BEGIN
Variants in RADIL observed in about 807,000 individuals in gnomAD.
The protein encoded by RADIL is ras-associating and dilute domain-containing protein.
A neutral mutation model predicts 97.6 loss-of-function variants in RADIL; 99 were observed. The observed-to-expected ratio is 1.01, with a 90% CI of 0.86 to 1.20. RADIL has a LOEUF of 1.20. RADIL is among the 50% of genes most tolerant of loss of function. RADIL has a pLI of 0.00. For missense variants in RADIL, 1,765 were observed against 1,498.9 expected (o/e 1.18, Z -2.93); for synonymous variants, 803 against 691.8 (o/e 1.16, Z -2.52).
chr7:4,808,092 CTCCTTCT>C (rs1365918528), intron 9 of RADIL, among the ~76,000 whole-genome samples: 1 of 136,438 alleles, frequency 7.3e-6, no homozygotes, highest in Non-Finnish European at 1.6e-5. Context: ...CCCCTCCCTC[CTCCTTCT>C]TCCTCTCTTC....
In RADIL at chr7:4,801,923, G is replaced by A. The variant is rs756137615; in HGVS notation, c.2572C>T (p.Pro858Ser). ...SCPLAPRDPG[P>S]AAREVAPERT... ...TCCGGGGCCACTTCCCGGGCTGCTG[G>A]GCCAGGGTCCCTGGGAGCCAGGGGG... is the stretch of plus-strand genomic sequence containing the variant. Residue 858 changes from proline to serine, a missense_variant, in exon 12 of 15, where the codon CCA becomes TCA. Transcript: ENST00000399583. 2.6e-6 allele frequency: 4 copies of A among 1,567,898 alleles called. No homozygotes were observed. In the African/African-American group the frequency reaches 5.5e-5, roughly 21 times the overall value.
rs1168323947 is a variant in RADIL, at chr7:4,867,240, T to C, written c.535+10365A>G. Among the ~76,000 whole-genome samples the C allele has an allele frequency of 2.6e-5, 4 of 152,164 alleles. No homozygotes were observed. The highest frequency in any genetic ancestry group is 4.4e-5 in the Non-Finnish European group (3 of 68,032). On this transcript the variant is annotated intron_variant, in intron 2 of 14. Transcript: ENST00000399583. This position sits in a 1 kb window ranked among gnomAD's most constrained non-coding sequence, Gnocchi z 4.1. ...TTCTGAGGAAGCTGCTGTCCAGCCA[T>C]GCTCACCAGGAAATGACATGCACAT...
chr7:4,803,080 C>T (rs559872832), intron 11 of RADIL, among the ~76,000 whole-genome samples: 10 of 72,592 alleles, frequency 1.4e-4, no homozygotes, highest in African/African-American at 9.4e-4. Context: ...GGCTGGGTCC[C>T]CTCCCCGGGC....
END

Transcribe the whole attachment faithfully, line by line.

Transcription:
Variants in RADIL observed in about 807,000 individuals in gnomAD.
The protein encoded by RADIL is ras-associating and dilute domain-containing protein.
A neutral mutation model predicts 97.6 loss-of-function variants in RADIL; 99 were observed. The observed-to-expected ratio is 1.01, with a 90% CI of 0.86 to 1.20. RADIL has a LOEUF of 1.20. RADIL is among the 50% of genes most tolerant of loss of function. RADIL has a pLI of 0.00. For missense variants in RADIL, 1,765 were observed against 1,498.9 expected (o/e 1.18, Z -2.93); for synonymous variants, 803 against 691.8 (o/e 1.16, Z -2.52).
chr7:4,808,092 CTCCTTCT>C (rs1365918528), intron 9 of RADIL, among the ~76,000 whole-genome samples: 1 of 136,438 alleles, frequency 7.3e-6, no homozygotes, highest in Non-Finnish European at 1.6e-5. Context: ...CCCCTCCCTC[CTCCTTCT>C]TCCTCTCTTC....
In RADIL at chr7:4,801,923, G is replaced by A. The variant is rs756137615; in HGVS notation, c.2572C>T (p.Pro858Ser). ...SCPLAPRDPG[P>S]AAREVAPERT... ...TCCGGGGCCACTTCCCGGGCTGCTG[G>A]GCCAGGGTCCCTGGGAGCCAGGGGG... is the stretch of plus-strand genomic sequence containing the variant. Residue 858 changes from proline to serine, a missense_variant, in exon 12 of 15, where the codon CCA becomes TCA. Transcript: ENST00000399583. 2.6e-6 allele frequency: 4 copies of A among 1,567,898 alleles called. No homozygotes were observed. In the African/African-American group the frequency reaches 5.5e-5, roughly 21 times the overall value.
rs1168323947 is a variant in RADIL, at chr7:4,867,240, T to C, written c.535+10365A>G. Among the ~76,000 whole-genome samples the C allele has an allele frequency of 2.6e-5, 4 of 152,164 alleles. No homozygotes were observed. The highest frequency in any genetic ancestry group is 4.4e-5 in the Non-Finnish European group (3 of 68,032). On this transcript the variant is annotated intron_variant, in intron 2 of 14. Transcript: ENST00000399583. This position sits in a 1 kb window ranked among gnomAD's most constrained non-coding sequence, Gnocchi z 4.1. ...TTCTGAGGAAGCTGCTGTCCAGCCA[T>C]GCTCACCAGGAAATGACATGCACAT...
chr7:4,803,080 C>T (rs559872832), intron 11 of RADIL, among the ~76,000 whole-genome samples: 10 of 72,592 alleles, frequency 1.4e-4, no homozygotes, highest in African/African-American at 9.4e-4. Context: ...GGCTGGGTCC[C>T]CTCCCCGGGC....